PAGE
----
It is noted that the pawl 30 has a relatively larger thickness (i.e., the distance between the first lateral side and the second lateral side of the pawl 30) when compared with that of the conventional pawl. This thanks to the relatively larger size of the cavity 15 of the handle 10. In order to form a cavity 15 of a larger size in the handle 10, a sector-like stepped portion or cutout 14 is firstly formed in a face 10 a of the handle 10 and communicated with the hole 12 of the head 11, best shown in FIGS. 3A and 3B. The stepped portion or cutout 14 comprises a stair 141 and a recessed portion 142 inward of the stair 141. In an alternative embodiment, the stair 141 may be omitted. The stepped portion or cutout 14 can be formed by a milling cutter 51 or other suitable means. Next, a T-shaped milling cutter 52 is placed into the hole 12 of the head 11 and moved toward the handle 10 until a shaft 53 of the T-shaped milling cutter 52 is stopped by the recessed portion 142 or the stair 141 of the stepped portion or cutout 14. Provision of the stepped portion or cutout 14 allows the T-shaped milling cutter 52 to move deeper into the handle 10, thereby forming a larger cavity 15 when compared with that formed by conventional methods, best shown in FIGS. 4A and 4B. The C-clip 24 may comprise an extension 241 for covering the stepped portion or cutout 14. Alternatively, a plug or insert can be mounted into the stepped portion or cutout 14 for covering the recessed portion 142.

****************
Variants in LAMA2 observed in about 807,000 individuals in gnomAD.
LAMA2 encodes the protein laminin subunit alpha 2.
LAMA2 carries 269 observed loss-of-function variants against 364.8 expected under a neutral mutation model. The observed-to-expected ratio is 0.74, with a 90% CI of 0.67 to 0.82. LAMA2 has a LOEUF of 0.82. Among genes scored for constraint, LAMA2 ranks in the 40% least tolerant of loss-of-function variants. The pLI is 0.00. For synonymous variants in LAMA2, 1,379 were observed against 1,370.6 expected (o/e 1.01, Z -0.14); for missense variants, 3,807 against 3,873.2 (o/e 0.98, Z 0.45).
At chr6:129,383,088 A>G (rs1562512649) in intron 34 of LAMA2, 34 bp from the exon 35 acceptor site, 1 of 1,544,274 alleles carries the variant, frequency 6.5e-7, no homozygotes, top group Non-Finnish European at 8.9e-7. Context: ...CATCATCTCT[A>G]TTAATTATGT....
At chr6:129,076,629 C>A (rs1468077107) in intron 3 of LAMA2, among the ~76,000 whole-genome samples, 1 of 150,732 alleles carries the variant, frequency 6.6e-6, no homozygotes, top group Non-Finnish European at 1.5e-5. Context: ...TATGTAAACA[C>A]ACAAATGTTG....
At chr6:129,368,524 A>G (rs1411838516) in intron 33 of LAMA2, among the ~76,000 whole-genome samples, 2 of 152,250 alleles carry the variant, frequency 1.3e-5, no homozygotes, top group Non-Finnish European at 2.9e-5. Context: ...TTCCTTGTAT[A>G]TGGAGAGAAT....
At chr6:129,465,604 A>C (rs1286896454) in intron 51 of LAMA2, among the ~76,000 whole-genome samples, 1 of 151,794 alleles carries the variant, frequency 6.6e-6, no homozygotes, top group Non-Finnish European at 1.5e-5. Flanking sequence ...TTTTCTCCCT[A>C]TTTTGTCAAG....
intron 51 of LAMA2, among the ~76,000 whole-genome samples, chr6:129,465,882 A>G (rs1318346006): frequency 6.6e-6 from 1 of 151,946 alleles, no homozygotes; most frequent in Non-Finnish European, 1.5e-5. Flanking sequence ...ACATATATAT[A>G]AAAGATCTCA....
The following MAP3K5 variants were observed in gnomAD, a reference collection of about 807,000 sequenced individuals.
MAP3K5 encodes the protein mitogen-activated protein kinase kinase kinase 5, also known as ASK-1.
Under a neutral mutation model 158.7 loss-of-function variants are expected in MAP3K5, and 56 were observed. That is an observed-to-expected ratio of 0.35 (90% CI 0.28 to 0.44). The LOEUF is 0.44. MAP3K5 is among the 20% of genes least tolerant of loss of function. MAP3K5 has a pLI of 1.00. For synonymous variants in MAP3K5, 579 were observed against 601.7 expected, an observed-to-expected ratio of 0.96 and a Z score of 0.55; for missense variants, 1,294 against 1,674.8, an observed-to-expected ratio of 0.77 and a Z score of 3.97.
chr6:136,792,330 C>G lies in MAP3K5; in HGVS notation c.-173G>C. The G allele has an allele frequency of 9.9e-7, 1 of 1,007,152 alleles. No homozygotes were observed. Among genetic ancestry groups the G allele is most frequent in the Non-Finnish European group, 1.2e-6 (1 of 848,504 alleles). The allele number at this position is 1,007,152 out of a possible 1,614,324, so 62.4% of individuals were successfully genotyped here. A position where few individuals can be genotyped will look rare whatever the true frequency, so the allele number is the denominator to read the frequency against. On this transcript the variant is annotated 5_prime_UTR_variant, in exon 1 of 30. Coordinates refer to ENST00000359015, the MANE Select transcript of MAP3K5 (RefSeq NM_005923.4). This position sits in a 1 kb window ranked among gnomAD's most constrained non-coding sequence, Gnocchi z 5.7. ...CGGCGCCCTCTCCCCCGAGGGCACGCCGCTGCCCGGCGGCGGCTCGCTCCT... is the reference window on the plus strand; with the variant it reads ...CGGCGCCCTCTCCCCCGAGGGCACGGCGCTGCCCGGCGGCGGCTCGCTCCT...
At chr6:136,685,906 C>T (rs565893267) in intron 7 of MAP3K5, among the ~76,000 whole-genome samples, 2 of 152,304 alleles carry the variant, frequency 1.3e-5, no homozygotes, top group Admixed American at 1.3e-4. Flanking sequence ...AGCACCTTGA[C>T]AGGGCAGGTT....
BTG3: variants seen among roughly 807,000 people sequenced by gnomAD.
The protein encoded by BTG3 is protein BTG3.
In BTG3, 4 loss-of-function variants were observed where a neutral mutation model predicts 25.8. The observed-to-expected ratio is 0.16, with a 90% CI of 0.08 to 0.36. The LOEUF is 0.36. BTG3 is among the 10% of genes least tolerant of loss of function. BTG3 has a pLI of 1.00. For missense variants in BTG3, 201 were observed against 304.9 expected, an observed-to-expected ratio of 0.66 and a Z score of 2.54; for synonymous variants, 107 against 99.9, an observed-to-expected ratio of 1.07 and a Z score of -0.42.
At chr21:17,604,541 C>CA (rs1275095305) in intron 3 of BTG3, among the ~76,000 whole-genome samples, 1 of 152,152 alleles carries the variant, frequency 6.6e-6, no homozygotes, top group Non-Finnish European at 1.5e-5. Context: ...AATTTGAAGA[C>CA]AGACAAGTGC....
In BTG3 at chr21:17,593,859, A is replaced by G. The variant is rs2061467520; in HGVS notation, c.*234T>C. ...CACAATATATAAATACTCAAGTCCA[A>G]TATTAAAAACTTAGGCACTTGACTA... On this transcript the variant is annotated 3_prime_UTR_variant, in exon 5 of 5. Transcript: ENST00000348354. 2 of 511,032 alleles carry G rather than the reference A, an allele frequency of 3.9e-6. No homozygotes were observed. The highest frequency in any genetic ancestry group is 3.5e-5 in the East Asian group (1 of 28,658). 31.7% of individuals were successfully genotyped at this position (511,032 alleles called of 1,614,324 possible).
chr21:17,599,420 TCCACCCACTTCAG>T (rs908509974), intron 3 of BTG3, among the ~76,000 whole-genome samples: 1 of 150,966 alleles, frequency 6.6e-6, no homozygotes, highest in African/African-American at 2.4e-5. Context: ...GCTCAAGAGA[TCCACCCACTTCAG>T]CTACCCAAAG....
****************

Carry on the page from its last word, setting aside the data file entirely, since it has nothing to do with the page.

When the ratchet type ring spanner is in a state shown in FIGS. 5 and 6, the ball 42 is biased by the elastic element 41 to engage with the first positioning section 321. The first end 33 of the pawl 30 is pressed against an inner end 181 of the associated switch rod 18 a, the second end 35 of the pawl 30 is pressed against the inner end 181 of the associated switch rod 18 b, and the second arcuate face 36 of the pawl 30 is pressed against the wall defining the portion of the cavity 15 of the handle 10. The second end 35 of the pawl 30 is in face-to-face contact with the inner end 181 of the associated switch rod 18 b, and the second arcuate face 36 of the pawl 30 is in face-to-face contact with the wall defining the cavity 15 of the handle 10. Thus, the critical supporting point P of the pawl 30 relative to the wall defining the cavity 15 of the handle 10 is located in a position approximately corresponding to the fifth tooth counting from the second end 35 of the pawl 30 such that the number of teeth on a left side of the critical supporting point P is approximately equal to that of teeth on a right side of the critical supporting point P. Thus, the force imparted to the teeth on the right side of the critical supporting point P is approximately equal to that imparted to the teeth on the left side of the critical supporting point P. Namely, the torque is exerted on all of the teeth 31 of the pawl 30 in a more balanced manner to thereby largely improve the torque-bearing capacity of the pawl 30. In addition, the thickness of the pawl 30 can be increased due to the larger cavity 15 of the handle 10, which also contributes to the increase in the torque-bearing capacity. Damage to the teeth 31 of the pawl 30 resulting from uneven force distribution is prevented.